Monthly Archives: July 2011

Ranked Choice Voting – Who REALLY understand it?

In a previous post (SF’s Mayoral Candidates: RCV Confusing for Voters), a candidate is shown describing how RCV works incorrectly. This is very common. Even supporters have a hard time explaining the complex intricacies correctly.

In a recent article, the Las Vegas City Council rejected the idea of using RCV because it’s supporters could not describe it correctly. The councilperson supporting RCV, requested a 5 minute break to confer with the group lobbying for implementation, and asked if they could speak on his behalf. Councilmember Madrid said “If elected officials can’t understand this and we need to take five minutes for clarification, the common citizen may also be confused.” The Council subsequently rejected the Charter change.

Here’s a great 1:30 min video on Ranked Choice Voting (called “Alternative Vote”). Note: The United Kingdom has a nation wide vote on whether to implement RCV for the election of its Members of Parliament. It failed miserably, 68% to 32%. Over 13 million people voted against RCV.

You may think this is rare, but once again, here is a video from Burlington of the RCV spokesperson, Keri Toksu, failing to describe RCV correctly. Why all the confusion? Note: Burlington subsequently repealed RCV by a large margin.


League of Women Voters Event outlines Ranked Choice Voting Pros and Cons (also known as Instant Runoff Voting)

Lee Price MMC, City Clerk of San Jose presents an extensive Pro and Con of Ranked Choice Voting. Her presentation for the League of Women Voters covers all bases, and uses real world data from recent RCV elections.

Lee Price is considered an expert in Ranked Choice Voting and administering elections, and is an active instructor for the City Clerk’s Association of California

She shares her in-depth knowledge of RCV in this video:

SF’s Mayoral Candidates: RCV Confusing for Voters – Waters Down Debate

It’s been promoted that Ranked Choice Voting will force candidates to have a more substantive debate.  But candidates have said it waters down candidates true positions and debates as they barter for 2nd and 3rd place votes.

Here’s their comment from a recent debate when asked about RCV (note, only 9 of the 33 declared candidates were present)

Dennis Herrera: “(RCV) makes the choice for the electorate much more difficult because it is much more difficult to highlight the differences that exist”  “I’m partial to runoffs.  I this it is good to have that one on one debate with an individual and I think it serves the electorate better to have clear distinctions among the candidates.

Phil Ting: Goes on to say that campaigning has been positive, but it is early.

Joanna Rees: “I think RCV is confusing to people”

John Avalos: I believe we are running campaigns that often conceal our differences rather than reveal our differences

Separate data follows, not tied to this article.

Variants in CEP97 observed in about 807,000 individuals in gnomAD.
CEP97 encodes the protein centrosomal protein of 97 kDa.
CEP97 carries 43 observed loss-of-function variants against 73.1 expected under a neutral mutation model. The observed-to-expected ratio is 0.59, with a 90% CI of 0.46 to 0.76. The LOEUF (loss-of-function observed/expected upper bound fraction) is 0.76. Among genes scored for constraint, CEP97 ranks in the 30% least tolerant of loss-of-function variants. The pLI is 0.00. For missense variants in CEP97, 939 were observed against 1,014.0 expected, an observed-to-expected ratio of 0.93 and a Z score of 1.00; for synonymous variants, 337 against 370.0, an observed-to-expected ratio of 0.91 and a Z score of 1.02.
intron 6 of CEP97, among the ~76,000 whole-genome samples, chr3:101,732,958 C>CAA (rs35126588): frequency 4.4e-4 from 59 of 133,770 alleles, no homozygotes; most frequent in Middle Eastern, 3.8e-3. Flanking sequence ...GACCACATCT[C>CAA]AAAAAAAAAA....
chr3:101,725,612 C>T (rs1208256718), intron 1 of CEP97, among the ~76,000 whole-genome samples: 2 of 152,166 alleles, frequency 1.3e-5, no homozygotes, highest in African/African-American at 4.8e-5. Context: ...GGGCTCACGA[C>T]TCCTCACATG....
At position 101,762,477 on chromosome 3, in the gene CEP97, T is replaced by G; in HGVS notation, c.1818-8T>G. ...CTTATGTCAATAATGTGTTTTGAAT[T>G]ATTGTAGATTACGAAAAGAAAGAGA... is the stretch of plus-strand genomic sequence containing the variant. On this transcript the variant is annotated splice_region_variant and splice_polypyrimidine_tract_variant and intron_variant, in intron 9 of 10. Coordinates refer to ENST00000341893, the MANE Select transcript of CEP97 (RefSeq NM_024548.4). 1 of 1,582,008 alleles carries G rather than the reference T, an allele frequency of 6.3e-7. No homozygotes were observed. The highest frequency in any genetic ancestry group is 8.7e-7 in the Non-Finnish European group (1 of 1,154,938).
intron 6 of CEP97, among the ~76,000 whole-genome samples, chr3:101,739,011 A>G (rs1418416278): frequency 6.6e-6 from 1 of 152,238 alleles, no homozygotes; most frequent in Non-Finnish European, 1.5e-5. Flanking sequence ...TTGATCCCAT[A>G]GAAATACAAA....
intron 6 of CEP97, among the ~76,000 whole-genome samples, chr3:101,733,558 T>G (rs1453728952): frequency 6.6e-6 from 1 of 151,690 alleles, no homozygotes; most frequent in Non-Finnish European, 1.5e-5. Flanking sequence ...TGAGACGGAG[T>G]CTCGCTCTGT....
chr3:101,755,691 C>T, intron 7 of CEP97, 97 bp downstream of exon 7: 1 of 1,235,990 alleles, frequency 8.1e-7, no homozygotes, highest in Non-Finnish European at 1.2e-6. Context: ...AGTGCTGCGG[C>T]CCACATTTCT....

Leland Yee: Forces us to campaign outside our support base.  Note: Yee wrote the argument AGAINST SF’s IRV Proposition in 2003

Michela Alioto-Pier:  “Truthfully, I think that the (RCV) system is very confusing”  Then she goes on to describe RCV incorrectly stating “People go out there an vote for one person three times, thinking that that strengthens your vote.  In fact your ballot is them thrown out because you voted incorrectly.”

If, after 7 years and dozens of RCV elections in SF, the candidates find voters confused and even some of them can’t describe it without making mistakes, is it really easy as 1, 2, 3?

Department of Justice Files Voting Rights Violations Complaint against Alameda County

The Department of Justice filed a Voting Rights Violation against Alameda County and the Registrar of Voters, which administered the recent Ranked Choice Voting elections in Oakland, Berkeley and San Leandro.

“The complaint alleges that Alameda County violated Sections 203 of the Voting Rights Act by having failed to provide effective access to the electoral process for Spanish and Chinese-speaking citizens who need language assistance and translated materials and information to cast an informed ballot.”

The complaint can be seen HERE.

A published picture of a voting booth clearly shows RCV Voting instructions in English only.  The agreement, reached just one day after America celebrated its Independence, stipulates the County will provide Voting materials and assistance in SPanish and Chinese.  The Press Release reads:

“The right to vote is the foundation of our democracy, and language barriers should never keep citizens from accessing that right,” said Thomas E. Perez, Assistant Attorney General for the Civil Rights Division. “Today’s agreement ensures that Alameda County’s Spanish and Chinese-speaking citizens will be able to cast an effective ballot and successfully participate in the electoral process”

Honolulu Rejects Instant Run-off Voting, State Bill dies